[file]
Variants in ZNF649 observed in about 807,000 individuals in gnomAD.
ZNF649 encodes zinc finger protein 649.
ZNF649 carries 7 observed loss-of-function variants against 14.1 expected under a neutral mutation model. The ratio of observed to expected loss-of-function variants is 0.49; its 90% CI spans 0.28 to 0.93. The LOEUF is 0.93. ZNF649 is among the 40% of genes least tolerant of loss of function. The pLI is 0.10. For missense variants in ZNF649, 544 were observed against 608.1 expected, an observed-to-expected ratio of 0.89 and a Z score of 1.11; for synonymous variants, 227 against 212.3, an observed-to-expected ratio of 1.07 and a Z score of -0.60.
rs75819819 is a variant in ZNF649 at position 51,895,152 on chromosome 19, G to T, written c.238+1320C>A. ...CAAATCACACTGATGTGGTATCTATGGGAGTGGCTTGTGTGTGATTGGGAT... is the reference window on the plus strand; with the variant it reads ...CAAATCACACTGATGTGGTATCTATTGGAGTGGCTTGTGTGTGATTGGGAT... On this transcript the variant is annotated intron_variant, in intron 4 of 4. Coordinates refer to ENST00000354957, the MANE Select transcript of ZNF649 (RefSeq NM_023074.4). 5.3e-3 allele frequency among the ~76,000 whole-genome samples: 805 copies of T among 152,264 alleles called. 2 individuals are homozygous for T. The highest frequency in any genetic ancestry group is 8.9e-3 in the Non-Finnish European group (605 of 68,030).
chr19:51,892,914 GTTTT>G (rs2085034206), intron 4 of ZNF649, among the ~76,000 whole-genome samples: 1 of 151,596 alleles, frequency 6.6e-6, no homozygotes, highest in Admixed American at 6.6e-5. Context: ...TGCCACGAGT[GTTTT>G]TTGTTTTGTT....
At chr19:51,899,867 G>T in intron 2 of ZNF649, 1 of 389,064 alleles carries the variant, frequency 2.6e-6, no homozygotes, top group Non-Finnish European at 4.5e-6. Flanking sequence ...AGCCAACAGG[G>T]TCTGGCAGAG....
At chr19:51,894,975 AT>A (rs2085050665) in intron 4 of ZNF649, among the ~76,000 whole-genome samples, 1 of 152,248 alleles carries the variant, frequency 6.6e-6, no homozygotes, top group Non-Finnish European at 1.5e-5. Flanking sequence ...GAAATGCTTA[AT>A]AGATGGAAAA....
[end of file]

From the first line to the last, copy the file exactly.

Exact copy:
Variants in ZNF649 observed in about 807,000 individuals in gnomAD.
ZNF649 encodes zinc finger protein 649.
ZNF649 carries 7 observed loss-of-function variants against 14.1 expected under a neutral mutation model. The ratio of observed to expected loss-of-function variants is 0.49; its 90% CI spans 0.28 to 0.93. The LOEUF is 0.93. ZNF649 is among the 40% of genes least tolerant of loss of function. The pLI is 0.10. For missense variants in ZNF649, 544 were observed against 608.1 expected, an observed-to-expected ratio of 0.89 and a Z score of 1.11; for synonymous variants, 227 against 212.3, an observed-to-expected ratio of 1.07 and a Z score of -0.60.
rs75819819 is a variant in ZNF649 at position 51,895,152 on chromosome 19, G to T, written c.238+1320C>A. ...CAAATCACACTGATGTGGTATCTATGGGAGTGGCTTGTGTGTGATTGGGAT... is the reference window on the plus strand; with the variant it reads ...CAAATCACACTGATGTGGTATCTATTGGAGTGGCTTGTGTGTGATTGGGAT... On this transcript the variant is annotated intron_variant, in intron 4 of 4. Coordinates refer to ENST00000354957, the MANE Select transcript of ZNF649 (RefSeq NM_023074.4). 5.3e-3 allele frequency among the ~76,000 whole-genome samples: 805 copies of T among 152,264 alleles called. 2 individuals are homozygous for T. The highest frequency in any genetic ancestry group is 8.9e-3 in the Non-Finnish European group (605 of 68,030).
chr19:51,892,914 GTTTT>G (rs2085034206), intron 4 of ZNF649, among the ~76,000 whole-genome samples: 1 of 151,596 alleles, frequency 6.6e-6, no homozygotes, highest in Admixed American at 6.6e-5. Context: ...TGCCACGAGT[GTTTT>G]TTGTTTTGTT....
At chr19:51,899,867 G>T in intron 2 of ZNF649, 1 of 389,064 alleles carries the variant, frequency 2.6e-6, no homozygotes, top group Non-Finnish European at 4.5e-6. Flanking sequence ...AGCCAACAGG[G>T]TCTGGCAGAG....
At chr19:51,894,975 AT>A (rs2085050665) in intron 4 of ZNF649, among the ~76,000 whole-genome samples, 1 of 152,248 alleles carries the variant, frequency 6.6e-6, no homozygotes, top group Non-Finnish European at 1.5e-5. Flanking sequence ...GAAATGCTTA[AT>A]AGATGGAAAA....